Standing inside the small “firebarn” in the canyon, Holy Jim Fire Chief Mike Milligan points to a topographic map to show how close together the contour lines are—steep 70-degree slopes. “If you look at this map, you see nothing but danger,” says Milligan, a 61-year-old who served in the 101st Airborne Division in Vietnam and owns a cabin in Holy Jim. “It’s not unreasonable to understand that the Fire Authority would protect Santa Margarita and Portola before they want to protect 49 cabins [in Holy Jim canyon]. Are they coming if they’re stretched? No, they’re not coming. And as much as I might be angered by that, I fully understand it.”

Milligan drills his men to hold the line at the base of the hills. Their strategy: Watch the fire crab down the sides of the arroyos—save the cabins—and leave the wildland firefighting to the Fire Authority. Should the worst happen, their only escape is a twisting dirt road up Trabuco Creek, five miles and at least 20 minutes from the nearest pavement. It’s not so much a road as a wash, a rutted kidney-jarring watershed pocked with deep potholes and strewn with stray boulders.

“You have to know that if you go in, it could go bad,” says 49-year-old volunteer Rourke Oakland, a former head of safety and security for America West Airlines. “If you don’t have that understanding, you should never go in.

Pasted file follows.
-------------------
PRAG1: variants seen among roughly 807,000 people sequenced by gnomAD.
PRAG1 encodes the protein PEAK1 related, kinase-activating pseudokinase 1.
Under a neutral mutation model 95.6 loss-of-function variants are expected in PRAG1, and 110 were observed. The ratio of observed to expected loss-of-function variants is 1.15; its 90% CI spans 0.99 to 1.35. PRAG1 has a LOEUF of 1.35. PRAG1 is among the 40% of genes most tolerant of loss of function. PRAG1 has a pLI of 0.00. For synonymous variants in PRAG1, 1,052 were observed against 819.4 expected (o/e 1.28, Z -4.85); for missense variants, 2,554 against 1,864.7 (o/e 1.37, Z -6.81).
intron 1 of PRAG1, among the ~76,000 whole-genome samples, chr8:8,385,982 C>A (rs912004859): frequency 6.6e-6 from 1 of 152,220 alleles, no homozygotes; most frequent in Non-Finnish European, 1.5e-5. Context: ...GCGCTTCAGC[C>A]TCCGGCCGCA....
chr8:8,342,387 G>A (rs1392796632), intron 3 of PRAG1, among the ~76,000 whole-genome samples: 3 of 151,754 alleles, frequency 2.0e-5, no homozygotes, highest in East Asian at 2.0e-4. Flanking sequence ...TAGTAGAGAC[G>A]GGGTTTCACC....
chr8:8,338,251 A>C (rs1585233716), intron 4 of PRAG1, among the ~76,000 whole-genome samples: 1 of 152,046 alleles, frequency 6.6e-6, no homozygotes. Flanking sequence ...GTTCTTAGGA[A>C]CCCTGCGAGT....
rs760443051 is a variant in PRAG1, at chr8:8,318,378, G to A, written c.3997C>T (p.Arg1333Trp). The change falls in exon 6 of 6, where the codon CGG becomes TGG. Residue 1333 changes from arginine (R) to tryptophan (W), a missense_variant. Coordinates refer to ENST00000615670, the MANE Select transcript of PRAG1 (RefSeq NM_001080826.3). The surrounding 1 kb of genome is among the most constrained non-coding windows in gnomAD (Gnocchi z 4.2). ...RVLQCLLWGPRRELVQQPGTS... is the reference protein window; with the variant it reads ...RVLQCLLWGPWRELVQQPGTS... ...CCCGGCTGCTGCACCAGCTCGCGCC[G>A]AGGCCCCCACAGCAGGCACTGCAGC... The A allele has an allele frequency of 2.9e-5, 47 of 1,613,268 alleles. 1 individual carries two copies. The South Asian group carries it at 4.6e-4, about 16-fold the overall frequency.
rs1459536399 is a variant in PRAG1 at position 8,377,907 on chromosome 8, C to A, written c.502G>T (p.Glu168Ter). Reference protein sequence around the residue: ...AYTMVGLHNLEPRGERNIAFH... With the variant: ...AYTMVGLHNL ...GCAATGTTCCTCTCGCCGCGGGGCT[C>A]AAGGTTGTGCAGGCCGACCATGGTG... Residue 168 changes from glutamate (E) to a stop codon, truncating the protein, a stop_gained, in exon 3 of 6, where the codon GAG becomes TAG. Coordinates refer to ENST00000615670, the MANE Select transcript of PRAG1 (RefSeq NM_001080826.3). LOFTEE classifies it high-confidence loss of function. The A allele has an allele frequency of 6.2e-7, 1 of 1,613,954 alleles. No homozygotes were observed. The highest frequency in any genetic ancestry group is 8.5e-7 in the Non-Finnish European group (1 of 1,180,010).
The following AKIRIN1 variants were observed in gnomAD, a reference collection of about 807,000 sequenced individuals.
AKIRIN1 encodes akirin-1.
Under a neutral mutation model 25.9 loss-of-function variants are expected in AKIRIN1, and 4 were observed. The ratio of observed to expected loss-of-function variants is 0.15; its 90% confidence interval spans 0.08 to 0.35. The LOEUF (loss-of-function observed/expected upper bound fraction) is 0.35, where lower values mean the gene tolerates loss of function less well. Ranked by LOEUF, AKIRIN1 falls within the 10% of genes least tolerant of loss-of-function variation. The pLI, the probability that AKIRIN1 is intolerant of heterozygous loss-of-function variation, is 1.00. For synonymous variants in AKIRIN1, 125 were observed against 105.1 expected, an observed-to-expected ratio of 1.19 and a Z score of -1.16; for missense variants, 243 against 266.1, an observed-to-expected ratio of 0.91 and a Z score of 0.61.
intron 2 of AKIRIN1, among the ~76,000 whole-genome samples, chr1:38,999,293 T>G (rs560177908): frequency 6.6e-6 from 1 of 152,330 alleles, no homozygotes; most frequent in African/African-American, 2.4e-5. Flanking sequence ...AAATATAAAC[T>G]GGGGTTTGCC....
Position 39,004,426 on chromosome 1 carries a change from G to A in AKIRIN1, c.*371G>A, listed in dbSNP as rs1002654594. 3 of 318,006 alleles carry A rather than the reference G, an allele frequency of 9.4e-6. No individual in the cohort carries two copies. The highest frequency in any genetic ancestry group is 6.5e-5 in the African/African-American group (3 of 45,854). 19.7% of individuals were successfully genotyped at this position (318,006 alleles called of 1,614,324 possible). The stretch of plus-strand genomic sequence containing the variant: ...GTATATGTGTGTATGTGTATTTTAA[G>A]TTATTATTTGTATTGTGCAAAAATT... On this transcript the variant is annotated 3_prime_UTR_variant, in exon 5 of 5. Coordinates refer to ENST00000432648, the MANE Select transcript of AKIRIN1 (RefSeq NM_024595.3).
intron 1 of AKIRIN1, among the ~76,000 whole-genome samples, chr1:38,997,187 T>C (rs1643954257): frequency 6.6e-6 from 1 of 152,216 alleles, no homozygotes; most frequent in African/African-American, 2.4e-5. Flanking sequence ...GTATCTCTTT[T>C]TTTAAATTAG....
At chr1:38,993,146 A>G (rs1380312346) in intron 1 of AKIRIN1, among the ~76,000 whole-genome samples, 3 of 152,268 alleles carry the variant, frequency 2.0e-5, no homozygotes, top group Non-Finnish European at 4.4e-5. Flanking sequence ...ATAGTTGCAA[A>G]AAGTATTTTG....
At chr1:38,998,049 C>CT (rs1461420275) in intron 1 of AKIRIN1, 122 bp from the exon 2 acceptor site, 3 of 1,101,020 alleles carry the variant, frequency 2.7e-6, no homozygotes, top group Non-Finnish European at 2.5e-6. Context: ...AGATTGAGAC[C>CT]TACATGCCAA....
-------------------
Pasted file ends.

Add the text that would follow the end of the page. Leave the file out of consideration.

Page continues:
“This is our canyon. We know how the fire will behave. We’re very confident we have the chutzpah to get the job done.”

Is chutzpah enough? Even Milligan, who feels he knows how fire will behave in the canyon, acknowledges the risk: “You look at the steep hills, the old, old fuel, and the one escape route—you’ve got a five-mile sliver of road going into the middle like a fuse—and now think about anywhere from 13 to 20 fire engines trying to get out of here in a firestorm.”

It’s not a scenario anyone wants to see.

Orange County Fire Authority Chief Scott Brown leads Battalion 7, the team that would be called in to fight a fire in Holy Jim, or to rescue any firefighters trapped by the canyon’s flames. He’s torn between the need to protect the county’s more populated areas and a moral obligation as a firefighter to help protect the Holy Jim volunteers.